Representative Office in Thailand

Representative Office in Thailand

A Representative Office in Thailand is an extension of a foreign company. It cannot generate revenue or conduct sales activities but it can report to its head office on business movements in Thailand.

Setting up a Representative Office is much simpler than opening a company in Thailand, but it still requires a lot of paperwork.

Representative Office Business Activities

A Representative Office in Thailand is a type of business entity that allows foreign companies to establish their presence in the country without conducting sales activities. It is a good option for companies that are interested in doing market research, establishing partnerships, and gathering other kinds of information. It is also the simplest way for an offshore company to establish a presence in the country, according to our Thailand lawyers.

The Representative Office is allowed to perform non-revenue-generating activities, such as marketing and promoting products and services for its head office or affiliated companies. However, the office is not permitted to accept an order for selling or offer any other kind of service. As a result, the office is not subject to corporate income tax in Thailand, except for the deposit interest of remitted funds from its head office. In addition, the Representative Office must transfer its initial capital in accordance with a predetermined schedule.

Legal Requirements for Representative Office

Companies wishing to establish a presence in Thailand are required to submit an application to the Department of Business Development. The application must include a company affidavit that includes the company name, registration number, date of registration, address, and jurisdiction it is registered under. It also needs to list the machinery and equipment that will be used at the Office as well as provide a plan for the first three years of operations, expenditure estimate, and impact on the Thai economy.

In addition, the Representative Office must also report on trends in the Thai market to the head office. Additionally, a Representative Office will need to transfer a minimum amount of capital into the country according to a schedule set by the Department of Business Development. However, unlike a limited company, the Representative Office is not subject to corporate income tax. This makes the rep-office an appealing alternative to setting up a foreign business entity. Moreover, it is not subject to the quota of 4 Thai employees per 1 foreign employee that is imposed on a limited company.

License Requirements

The Representative Office acts as a liaison between the local market and the company’s headquarters. It can also perform market research and ensure quality control for products sourced in Thailand. However, it cannot earn revenue.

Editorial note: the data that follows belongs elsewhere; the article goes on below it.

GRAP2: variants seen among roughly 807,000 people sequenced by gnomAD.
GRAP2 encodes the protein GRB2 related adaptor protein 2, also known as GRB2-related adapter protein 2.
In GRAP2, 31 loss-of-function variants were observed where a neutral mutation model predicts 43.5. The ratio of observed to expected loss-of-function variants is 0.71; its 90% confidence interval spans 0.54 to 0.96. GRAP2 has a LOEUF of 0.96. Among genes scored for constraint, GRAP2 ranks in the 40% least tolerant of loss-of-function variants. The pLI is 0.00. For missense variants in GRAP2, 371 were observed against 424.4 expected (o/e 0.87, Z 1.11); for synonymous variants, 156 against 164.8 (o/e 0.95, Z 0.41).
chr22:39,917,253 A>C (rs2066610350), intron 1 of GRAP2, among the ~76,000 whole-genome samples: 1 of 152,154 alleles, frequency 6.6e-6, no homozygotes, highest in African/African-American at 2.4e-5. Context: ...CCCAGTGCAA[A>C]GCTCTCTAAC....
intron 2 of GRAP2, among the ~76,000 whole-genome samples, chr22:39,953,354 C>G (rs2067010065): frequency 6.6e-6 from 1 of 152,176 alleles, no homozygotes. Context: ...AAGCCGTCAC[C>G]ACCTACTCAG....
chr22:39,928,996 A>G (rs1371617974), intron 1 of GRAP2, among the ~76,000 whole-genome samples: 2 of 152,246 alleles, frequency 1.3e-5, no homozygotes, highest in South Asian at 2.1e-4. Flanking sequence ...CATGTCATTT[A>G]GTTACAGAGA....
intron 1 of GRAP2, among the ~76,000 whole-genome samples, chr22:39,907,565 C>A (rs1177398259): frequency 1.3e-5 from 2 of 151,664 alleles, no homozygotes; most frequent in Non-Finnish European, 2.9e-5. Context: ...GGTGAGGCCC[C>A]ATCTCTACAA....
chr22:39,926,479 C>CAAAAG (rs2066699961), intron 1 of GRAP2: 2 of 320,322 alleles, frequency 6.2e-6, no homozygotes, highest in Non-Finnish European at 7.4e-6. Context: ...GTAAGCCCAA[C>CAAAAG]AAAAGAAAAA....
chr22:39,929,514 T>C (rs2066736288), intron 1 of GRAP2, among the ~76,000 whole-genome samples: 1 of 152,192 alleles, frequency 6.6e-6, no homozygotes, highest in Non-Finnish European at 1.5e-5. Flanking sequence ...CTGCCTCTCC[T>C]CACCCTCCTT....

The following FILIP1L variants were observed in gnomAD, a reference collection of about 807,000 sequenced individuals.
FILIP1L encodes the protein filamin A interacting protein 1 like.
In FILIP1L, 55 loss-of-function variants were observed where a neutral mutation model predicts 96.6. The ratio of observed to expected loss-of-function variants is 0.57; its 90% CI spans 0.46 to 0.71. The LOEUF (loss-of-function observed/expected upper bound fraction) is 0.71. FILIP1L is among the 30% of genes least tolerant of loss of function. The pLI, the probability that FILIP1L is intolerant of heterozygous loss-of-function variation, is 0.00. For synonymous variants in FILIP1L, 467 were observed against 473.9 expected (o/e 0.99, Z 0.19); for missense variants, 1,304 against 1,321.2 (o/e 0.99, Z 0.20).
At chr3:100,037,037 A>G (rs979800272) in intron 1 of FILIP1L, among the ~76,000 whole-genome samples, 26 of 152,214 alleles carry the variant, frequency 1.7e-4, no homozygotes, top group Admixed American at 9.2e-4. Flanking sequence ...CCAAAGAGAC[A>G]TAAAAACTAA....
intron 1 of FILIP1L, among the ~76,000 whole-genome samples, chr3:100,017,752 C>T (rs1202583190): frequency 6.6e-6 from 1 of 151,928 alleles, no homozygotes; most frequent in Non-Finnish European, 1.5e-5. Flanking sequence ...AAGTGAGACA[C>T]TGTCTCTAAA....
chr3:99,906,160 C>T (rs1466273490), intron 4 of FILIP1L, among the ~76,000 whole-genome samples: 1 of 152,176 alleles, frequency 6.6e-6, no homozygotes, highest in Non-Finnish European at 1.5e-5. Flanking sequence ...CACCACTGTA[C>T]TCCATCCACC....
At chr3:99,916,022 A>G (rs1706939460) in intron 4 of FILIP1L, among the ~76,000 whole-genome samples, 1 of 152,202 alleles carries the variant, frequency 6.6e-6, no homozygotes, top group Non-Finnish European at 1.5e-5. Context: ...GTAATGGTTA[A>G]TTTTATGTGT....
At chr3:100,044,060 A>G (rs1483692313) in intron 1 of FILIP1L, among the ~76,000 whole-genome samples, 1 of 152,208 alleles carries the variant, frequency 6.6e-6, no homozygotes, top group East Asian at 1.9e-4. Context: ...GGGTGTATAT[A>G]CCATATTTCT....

Foreign companies that have headquarters abroad can establish a Representative Office in Thailand. The process can take as little as a week. The Director of the head office must write a letter of appointment for a manager who will run the Representative Office in Thailand. The manager can be a Thai or foreign national.

The Department of Business Development (DBD) will review the documents and issue a certificate within two to four weeks. The certificate permits the Representative Office to start operations. The office must bring in a minimum capital of 3 million baht or 25% of its estimated expenses for the first three years of operation. Depending on the type of business, the Representative Office may have to file personal income tax for employees who work in the country.

Representative Office Taxes

Setting up a Representative Office in Thailand is one of the least expensive options for foreign companies looking to enter the Thai market. It can take as little as a week to get everything in order and start operating.

A Rep Office cannot generate income in Thailand and thus is not subject to corporate income tax. However, it must file its audited financial statements at the Department of Business Development and Revenue Department on an annual basis.

The company’s foreign head office must provide the following documentation to set up a Representative Office: company name, capital, place, directors, authorized signatories, and their nationalities, financial statement of the past three years, business forecast for the first three years, and details of machinery/ equipment that will be imported. Employees of the Rep Office will be subject to personal income tax. A Branch Office, on the other hand, must pay corporate income tax on any income it earns in Thailand.

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